Because we enjoy eating out, we have taken care to ensure our kids have been regularly exposed to eateries of the sort that we like to frequent, i.e. starting at Pizza Express and working up from there. This hasn’t been without trauma: a particular lowlight being the noisy rebellion of my then two-year-old at one of my wife’s favourite establishments resulting in her spending most of the meal standing outside with him, considering in rapidly diminishing jest whether to throw him into the adjacent ravine. On the whole though the strategy has been successful, and although they are rarely the quietest patrons in the house, we are able to take our boys to most of the sorts of place we like to eat without attracting the silent disapproval of the other diners.
We have thus been able to eat out fairly regularly this year but it dawned on me recently that as a result we haven’t had a meal out as a couple since we had a few days away in Chester at Easter. I looked at the calendar and noted with mild horror that Christmas was a mere eight weekends away, the majority of which are scheduled for visits to or by friends and family, meaning our last realistic opportunity to go out as a couple this year was that very Saturday.
Because of the short notice our favourite regular haunts were unavailable, so I booked an earlyish table at the “Asian fusion” restaurant Chino Latino, which I’d had recommended to me on a couple of occasions and whose unusual menu had piqued my interest. I adore the salt and spice of Oriental food, and this place had the added temptation of serving its cuisine in a tapas style. As I’ve mentioned before, tapas is a fantastic way of resolving my innate indecisiveness – can’t make your mind up? Have both! – and somehow makes it acceptable to mix components that you would never normally combine on a single plate.
The last time we got a taxi into Nottingham city centre, for dinner with friends at the lovely World Service, we considered ourselves lucky to have arrived without injury, having been reduced to actually yelling at the feckless driver of the big yellow Peugeot who had, it seemed, not only strikingly poor knowledge of the geography of the city but also a passing acquaintanceship at best with the Highway Code and a total lack of ability to follow basic directions. So we were somewhat relieved on this occasion to have had a completely uneventful journey into town, and got down to the tricky business of trying to decide what to eat.
Chino Latino is a confusingly-named restaurant attached to the Park Plaza hotel. I say confusingly because of the complete lack of anything remotely Latino on the menu, and the corny rhyming is at odds with the apparent sophistication of the menu. In my admittedly limited experience of hotel restaurants they have a tendency to disappoint, which did have the effect of setting my expectations relatively low despite the recommendations. I was also nervous to find the entrance to the restaurant area being via a bar, suggesting that food might be of secondary importance here, in the style of an All Bar One – pleasant enough, but ultimately not the core revenue generator for the business.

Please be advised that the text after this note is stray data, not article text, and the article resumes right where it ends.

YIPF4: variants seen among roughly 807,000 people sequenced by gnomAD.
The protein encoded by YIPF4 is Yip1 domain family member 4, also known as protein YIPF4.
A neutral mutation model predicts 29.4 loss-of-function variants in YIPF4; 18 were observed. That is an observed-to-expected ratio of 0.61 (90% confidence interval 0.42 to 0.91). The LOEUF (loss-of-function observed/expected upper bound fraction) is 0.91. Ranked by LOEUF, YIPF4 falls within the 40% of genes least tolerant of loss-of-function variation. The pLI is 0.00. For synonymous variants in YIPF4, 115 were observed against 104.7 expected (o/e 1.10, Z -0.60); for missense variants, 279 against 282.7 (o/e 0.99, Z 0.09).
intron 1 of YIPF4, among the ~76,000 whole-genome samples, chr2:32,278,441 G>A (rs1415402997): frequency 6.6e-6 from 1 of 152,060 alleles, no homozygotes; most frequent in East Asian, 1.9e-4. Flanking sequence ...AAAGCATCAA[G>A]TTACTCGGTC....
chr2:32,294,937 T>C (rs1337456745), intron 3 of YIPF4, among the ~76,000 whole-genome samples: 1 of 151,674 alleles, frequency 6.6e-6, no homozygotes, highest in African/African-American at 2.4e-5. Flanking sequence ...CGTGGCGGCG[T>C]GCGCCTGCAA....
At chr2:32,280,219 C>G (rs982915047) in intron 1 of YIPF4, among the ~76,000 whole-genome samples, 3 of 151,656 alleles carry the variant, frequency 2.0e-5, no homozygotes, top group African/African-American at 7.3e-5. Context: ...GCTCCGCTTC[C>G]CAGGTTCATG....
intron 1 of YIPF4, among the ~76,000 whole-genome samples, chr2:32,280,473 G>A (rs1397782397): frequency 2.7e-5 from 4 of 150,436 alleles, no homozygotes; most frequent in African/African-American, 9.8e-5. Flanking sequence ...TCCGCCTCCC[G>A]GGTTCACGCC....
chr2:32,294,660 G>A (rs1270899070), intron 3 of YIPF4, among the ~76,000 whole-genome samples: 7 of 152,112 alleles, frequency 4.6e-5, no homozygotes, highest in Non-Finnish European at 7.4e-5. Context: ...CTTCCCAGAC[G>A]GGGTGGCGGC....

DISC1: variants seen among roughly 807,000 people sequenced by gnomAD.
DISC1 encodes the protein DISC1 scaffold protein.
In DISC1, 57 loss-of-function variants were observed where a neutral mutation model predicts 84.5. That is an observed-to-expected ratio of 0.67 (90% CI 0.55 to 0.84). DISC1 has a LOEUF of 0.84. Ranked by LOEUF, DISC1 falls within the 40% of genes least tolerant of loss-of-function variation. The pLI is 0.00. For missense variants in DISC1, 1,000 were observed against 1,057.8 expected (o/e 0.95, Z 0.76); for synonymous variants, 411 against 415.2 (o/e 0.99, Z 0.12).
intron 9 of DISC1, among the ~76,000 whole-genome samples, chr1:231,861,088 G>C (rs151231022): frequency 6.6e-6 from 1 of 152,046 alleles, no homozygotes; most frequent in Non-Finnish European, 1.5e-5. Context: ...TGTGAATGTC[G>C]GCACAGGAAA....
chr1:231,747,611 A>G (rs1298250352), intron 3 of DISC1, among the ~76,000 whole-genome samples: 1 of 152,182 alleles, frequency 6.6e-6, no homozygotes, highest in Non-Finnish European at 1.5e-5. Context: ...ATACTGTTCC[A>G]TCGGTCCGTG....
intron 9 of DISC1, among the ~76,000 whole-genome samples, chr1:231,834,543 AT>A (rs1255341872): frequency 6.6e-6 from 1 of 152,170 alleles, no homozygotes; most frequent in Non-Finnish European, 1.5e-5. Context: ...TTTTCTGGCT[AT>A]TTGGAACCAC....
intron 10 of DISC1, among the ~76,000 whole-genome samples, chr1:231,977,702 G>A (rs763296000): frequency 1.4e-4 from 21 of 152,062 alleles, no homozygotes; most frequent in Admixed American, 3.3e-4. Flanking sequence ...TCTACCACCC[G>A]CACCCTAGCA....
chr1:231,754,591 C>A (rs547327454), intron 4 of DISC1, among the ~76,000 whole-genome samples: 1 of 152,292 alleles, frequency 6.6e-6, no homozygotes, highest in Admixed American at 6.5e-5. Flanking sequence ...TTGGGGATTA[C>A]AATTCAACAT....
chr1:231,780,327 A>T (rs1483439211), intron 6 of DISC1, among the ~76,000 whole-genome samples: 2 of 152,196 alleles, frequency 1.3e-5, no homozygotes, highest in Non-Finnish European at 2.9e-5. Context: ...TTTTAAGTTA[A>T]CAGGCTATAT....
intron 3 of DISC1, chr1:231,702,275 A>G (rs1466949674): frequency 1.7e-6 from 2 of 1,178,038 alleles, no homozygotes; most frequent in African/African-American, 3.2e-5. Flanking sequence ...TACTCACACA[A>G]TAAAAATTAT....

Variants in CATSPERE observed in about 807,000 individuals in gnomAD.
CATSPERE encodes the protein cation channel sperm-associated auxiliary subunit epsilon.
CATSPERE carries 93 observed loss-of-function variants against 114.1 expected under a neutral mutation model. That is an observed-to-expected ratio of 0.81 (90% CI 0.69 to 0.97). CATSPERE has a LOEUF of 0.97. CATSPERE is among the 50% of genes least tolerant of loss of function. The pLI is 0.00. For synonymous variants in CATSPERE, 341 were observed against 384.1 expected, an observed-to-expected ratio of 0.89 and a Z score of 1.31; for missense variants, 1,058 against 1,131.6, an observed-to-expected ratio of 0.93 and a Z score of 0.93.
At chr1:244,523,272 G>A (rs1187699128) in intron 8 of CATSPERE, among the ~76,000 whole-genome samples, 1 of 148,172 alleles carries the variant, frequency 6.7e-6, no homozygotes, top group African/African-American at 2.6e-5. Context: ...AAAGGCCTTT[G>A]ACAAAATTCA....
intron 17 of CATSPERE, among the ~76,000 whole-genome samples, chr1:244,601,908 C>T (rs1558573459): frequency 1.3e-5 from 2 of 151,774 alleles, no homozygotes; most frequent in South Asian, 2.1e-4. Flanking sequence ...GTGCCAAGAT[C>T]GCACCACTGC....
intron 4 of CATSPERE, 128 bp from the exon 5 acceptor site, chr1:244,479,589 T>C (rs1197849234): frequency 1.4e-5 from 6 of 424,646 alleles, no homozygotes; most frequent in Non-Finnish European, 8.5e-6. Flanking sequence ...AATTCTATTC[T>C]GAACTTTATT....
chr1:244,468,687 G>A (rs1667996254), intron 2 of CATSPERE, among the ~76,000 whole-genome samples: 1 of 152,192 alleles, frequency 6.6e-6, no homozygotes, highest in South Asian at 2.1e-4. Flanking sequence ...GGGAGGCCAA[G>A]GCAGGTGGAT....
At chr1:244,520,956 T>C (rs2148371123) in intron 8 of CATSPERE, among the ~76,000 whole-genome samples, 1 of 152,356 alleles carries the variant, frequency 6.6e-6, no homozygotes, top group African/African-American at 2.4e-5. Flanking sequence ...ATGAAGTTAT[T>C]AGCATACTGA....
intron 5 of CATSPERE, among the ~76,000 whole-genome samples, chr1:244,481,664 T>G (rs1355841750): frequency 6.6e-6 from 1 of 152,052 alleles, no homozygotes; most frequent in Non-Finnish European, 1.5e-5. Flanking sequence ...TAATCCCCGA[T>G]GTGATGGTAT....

I needn’t have entertained any such concerns. The enticing aromas surrounding us from the moment we sat down were happily fulfilled by a meal of exceptional quality. We did struggle somewhat to decide what to order, but only from the point of view of what might work together. The menu is mostly Japanese and Chinese influenced, but featured ingredients such as lamb which are more normally seen in South Asian cooking rather than East. A full section of sushi and sashimi were shunned in favour of more warming dishes on what was a chilly evening, but were attractive from what we saw of other diners’ orders. Wasabi played a supporting role in many of the dishes, including both the scallops and lamb cutlets I ordered.
My wife had somehow managed to reach her late thirties without ever having tried a scallop, and as she has relented on her “nothing with a face” policy to slake her body’s thirst for Omega-3, she managed to snaffle one of my grilled scallops with yuzu (a citrus fruit) aioli and wasabi peas before I was able to wield my fork in defence. Scallops don’t really have anything we would recognise as a face anyway, but lambs are cute and woolly so my cutlets – nicely brown outside and pink inside – went unpillaged.
What really summed up the restaurant for me were the sides, the simplest dishes we ordered. I could have eaten a bucket of the Thai rice noodles just on their own – almost squid-like in texture, seasoned with just the right amount of soy. I only recently discovered the joy of braised lettuce thanks to my fat foodie friend and I assume the bok choi with shaoxing wine and cashews were cooked this way as well as they were very reminiscent. To be able to deliver such simple food so effectively speaks far more highly for me than the more sophisticated elements of our meal.
The only disappointment was my dessert, an uninspiring ginger sponge with ginger ice-cream, neither of which lived up to the excellent spicing of the previous courses. However I quickly erased any memory of those – almost literally – by ordering a couple of cocktails, and thus adding probably the only Latino thing I could see on the menu to our bill – a Mojito, enhanced / sullied (delete as appropriate) by the addition of coconut milk. I quite liked it actually, but they do well enough with the Chino to more than compensate for the lack of Latino.